Sunspot could hurl out X-class solar flares! Geomagnetic storm on the cards | Tech News

Sunspot could hurl out X-class solar flares! Geomagnetic storm on the cards

A sunspot has been harbouring massive amounts of solar energy and could unleash either M-class or even X-class solar flares, followed by a geomagnetic storm, according to reports.

By: HT TECH
| Updated on: May 29 2023, 08:45 IST
6 TERRIFYING solar storms that blasted Earth in 2022
Solar flare
1/6 On June 29, a surprise solar storm struck the Earth. The solar storm was not caused by coronal mass ejections (CME) but by a corotating interaction region (CIR), which opened a hole in the Earth's magnetosphere. It was a G1-class solar storm which is capable of causing shortwave radio blackouts and GPS disruptions. Interestingly, it coincided with the rare five planet alignment event.  (NASA)
Solar flare
2/6 Extremely rare pink auroras could be seen on November 3 near Greenland, after a G1-class solar storm slammed into the Earth. Solar storms usually give a greenish hue due to ionizing of Oxygen atoms. However, the CME in this case was able to reach the lower strata of the atmosphere which ionized Nitrogen atoms and gave off the rare pink aura.  (Representative Photo) (Pixabay)
Solar flare
3/6 On November 6, a powerful solar flare which was estimated to be an X-class solar flare caused temporary radio blackouts in Australia and New Zealand. The resultant solar storm blocked all high frequency radio waves making it hard for various emergency services and airlines that use radio communications to operate for multiple hours.  (Pixabay)
Solar flare
4/6 On August 7 and 8, a mysterious phenomenon was seen after a solar storm strike which scientists call STEVE (strong thermal emission velocity enhancement). A gigantic ribbon of purple light followed by a wave of green light could be seen in many parts of North America.   (@KaniskiDylan / Twitter)
Solar flare
5/6 A rare double solar storm attack was seen on March 14 when a G2-class solar storm was quickly followed up with another G1-class solar storm. Scientists believe that such multiple solar storm attacks are going to be more frequent in coming days as the Sun reaches the peak of its solar cycle. (Pixabay)
Solar flare
6/6 On October 25, the Sun seemed to beam a smile at Earth even as it spewed a stream of dangerous solar particles towards our planet. Multiple dark regions popped up on the Sun that gave an uncanny impression of a smiley face. The resultant solar storm from the event was noted to be a G2-class which is so strong that it is capable of causing fluctuations in electricity grids on Earth.  (SDO/AIA)
Solar flare
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X-class solar flares could be hurled out by sunspot AR3315 sparking a Geomagnetic storm on Earth. (Unsplash)

Just 5 months into 2023, we have already witnessed damaging solar activity bombard the Earth. Just last month, a menacing cloud of coronal mass ejection, erupting from a sunspot that was 20 times wider than Earth, struck the planet and unleashed a horrifying solar storm. This was later declared the most devastating solar storm in 6 years. It was quite surprising and unexpected. Solar activity has been on the rise for the past few months, and it is expected to increase further until solar maximum, the period of greatest solar activity during the Sun's 11-year cycle.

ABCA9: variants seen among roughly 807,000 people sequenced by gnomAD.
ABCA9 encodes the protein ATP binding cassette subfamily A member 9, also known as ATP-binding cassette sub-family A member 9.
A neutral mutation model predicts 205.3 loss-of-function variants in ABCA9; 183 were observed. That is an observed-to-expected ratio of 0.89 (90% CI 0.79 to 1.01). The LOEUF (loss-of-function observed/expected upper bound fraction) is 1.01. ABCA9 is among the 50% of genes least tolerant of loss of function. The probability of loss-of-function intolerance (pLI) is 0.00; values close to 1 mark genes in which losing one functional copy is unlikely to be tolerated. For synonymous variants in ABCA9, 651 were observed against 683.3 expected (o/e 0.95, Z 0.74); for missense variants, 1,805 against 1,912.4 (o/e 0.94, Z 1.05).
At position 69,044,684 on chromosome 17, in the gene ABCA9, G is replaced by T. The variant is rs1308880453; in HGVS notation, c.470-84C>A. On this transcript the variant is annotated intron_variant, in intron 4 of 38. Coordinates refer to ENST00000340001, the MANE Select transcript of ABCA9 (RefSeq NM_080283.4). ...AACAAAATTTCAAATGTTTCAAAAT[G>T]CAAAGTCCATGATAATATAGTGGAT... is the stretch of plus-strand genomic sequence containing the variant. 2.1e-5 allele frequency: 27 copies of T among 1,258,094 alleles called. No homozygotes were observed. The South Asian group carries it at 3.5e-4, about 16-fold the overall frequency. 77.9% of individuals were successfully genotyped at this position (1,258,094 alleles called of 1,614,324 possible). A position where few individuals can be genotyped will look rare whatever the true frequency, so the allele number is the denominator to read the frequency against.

Now, a sunspot has been discovered on the solar surface that has the potential to release dangerous solar flares.

Danger of solar flares

According to a report by spaceweather.com, forecasters at the National Oceanic and Atmospheric Administration (NOAA) have revealed that a sunspot, named AR3315, has been observed which could unleash dangerous solar energy. This sunspot is dangerous as it currently has an unstable 'beta-gamma-delta'' magnetic field. Although this solar activity might seem harmless due to the distance of the Sun from our planet, it can cause major damage. Because of the unstable nature of this sunspot, there is a chance of not only M-class solar flares but also X-class flares!

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The report further states that there is a 55% chance for M-class flares and a 10% chance for X-class flares striking the Earth! Moreover, this sunspot also has the potential to trigger geomagnetic disturbances such as a geomagnetic storm as it is directly facing the planet. As solar flares travel out directly from the flare site, if we can see it, we can be impacted by it.

How are solar flares rated?

According to NASA, solar flares are classified according to their strength on the logarithmic scale, similar to how earthquakes are measured. The smallest ones are A-class which occur at near background levels, followed by B, C, M, and X. Similar to the Richter scale for earthquakes, each letter represents a 10-fold increase in energy output. So, an X is ten times an M and 100 times a C. Within each letter class there is a finer scale from 1 to 9.

Are X-class solar flares dangerous?

X-class solar flares can create radiation storms which have the potential to not only harm the satellites but also give small doses of radiation to the people flying in airplanes at the time! Moreover, these devastating flares can disrupt global communications and bring down the power grids to create blackouts.

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First Published Date: 29 May, 08:40 IST
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